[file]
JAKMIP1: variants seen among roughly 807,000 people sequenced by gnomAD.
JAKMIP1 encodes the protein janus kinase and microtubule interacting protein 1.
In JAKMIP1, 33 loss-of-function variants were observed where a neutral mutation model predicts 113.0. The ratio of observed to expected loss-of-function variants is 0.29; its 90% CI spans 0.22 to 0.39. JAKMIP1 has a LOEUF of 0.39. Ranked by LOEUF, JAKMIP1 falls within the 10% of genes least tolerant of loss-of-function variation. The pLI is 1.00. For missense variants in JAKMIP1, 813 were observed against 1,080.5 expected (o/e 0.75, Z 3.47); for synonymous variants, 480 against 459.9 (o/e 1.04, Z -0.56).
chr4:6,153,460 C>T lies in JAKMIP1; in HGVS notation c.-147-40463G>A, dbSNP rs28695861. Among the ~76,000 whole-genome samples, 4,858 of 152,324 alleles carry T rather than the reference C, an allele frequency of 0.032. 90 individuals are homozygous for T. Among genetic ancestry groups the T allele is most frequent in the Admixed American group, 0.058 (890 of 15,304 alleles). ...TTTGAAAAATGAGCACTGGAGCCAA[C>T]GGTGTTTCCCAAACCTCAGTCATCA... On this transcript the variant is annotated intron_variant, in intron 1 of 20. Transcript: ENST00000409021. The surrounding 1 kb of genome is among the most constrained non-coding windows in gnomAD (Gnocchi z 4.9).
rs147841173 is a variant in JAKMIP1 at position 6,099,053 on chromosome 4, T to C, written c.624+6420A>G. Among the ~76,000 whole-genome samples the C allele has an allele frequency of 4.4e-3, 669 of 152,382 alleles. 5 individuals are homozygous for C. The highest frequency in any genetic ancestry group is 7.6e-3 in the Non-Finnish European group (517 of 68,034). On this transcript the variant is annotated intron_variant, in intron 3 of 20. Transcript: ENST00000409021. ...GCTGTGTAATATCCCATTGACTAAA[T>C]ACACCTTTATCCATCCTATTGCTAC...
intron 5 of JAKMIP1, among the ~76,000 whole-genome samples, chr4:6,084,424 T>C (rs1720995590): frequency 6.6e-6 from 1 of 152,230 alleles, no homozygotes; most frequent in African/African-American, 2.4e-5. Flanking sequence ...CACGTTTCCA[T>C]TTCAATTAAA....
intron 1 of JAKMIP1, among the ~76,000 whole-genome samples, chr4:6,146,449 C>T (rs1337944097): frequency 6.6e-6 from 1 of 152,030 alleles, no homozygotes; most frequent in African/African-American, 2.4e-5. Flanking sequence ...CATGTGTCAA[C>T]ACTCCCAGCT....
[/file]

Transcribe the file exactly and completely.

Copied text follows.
JAKMIP1: variants seen among roughly 807,000 people sequenced by gnomAD.
JAKMIP1 encodes the protein janus kinase and microtubule interacting protein 1.
In JAKMIP1, 33 loss-of-function variants were observed where a neutral mutation model predicts 113.0. The ratio of observed to expected loss-of-function variants is 0.29; its 90% CI spans 0.22 to 0.39. JAKMIP1 has a LOEUF of 0.39. Ranked by LOEUF, JAKMIP1 falls within the 10% of genes least tolerant of loss-of-function variation. The pLI is 1.00. For missense variants in JAKMIP1, 813 were observed against 1,080.5 expected (o/e 0.75, Z 3.47); for synonymous variants, 480 against 459.9 (o/e 1.04, Z -0.56).
chr4:6,153,460 C>T lies in JAKMIP1; in HGVS notation c.-147-40463G>A, dbSNP rs28695861. Among the ~76,000 whole-genome samples, 4,858 of 152,324 alleles carry T rather than the reference C, an allele frequency of 0.032. 90 individuals are homozygous for T. Among genetic ancestry groups the T allele is most frequent in the Admixed American group, 0.058 (890 of 15,304 alleles). ...TTTGAAAAATGAGCACTGGAGCCAA[C>T]GGTGTTTCCCAAACCTCAGTCATCA... On this transcript the variant is annotated intron_variant, in intron 1 of 20. Transcript: ENST00000409021. The surrounding 1 kb of genome is among the most constrained non-coding windows in gnomAD (Gnocchi z 4.9).
rs147841173 is a variant in JAKMIP1 at position 6,099,053 on chromosome 4, T to C, written c.624+6420A>G. Among the ~76,000 whole-genome samples the C allele has an allele frequency of 4.4e-3, 669 of 152,382 alleles. 5 individuals are homozygous for C. The highest frequency in any genetic ancestry group is 7.6e-3 in the Non-Finnish European group (517 of 68,034). On this transcript the variant is annotated intron_variant, in intron 3 of 20. Transcript: ENST00000409021. ...GCTGTGTAATATCCCATTGACTAAA[T>C]ACACCTTTATCCATCCTATTGCTAC...
intron 5 of JAKMIP1, among the ~76,000 whole-genome samples, chr4:6,084,424 T>C (rs1720995590): frequency 6.6e-6 from 1 of 152,230 alleles, no homozygotes; most frequent in African/African-American, 2.4e-5. Flanking sequence ...CACGTTTCCA[T>C]TTCAATTAAA....
intron 1 of JAKMIP1, among the ~76,000 whole-genome samples, chr4:6,146,449 C>T (rs1337944097): frequency 6.6e-6 from 1 of 152,030 alleles, no homozygotes; most frequent in African/African-American, 2.4e-5. Flanking sequence ...CATGTGTCAA[C>T]ACTCCCAGCT....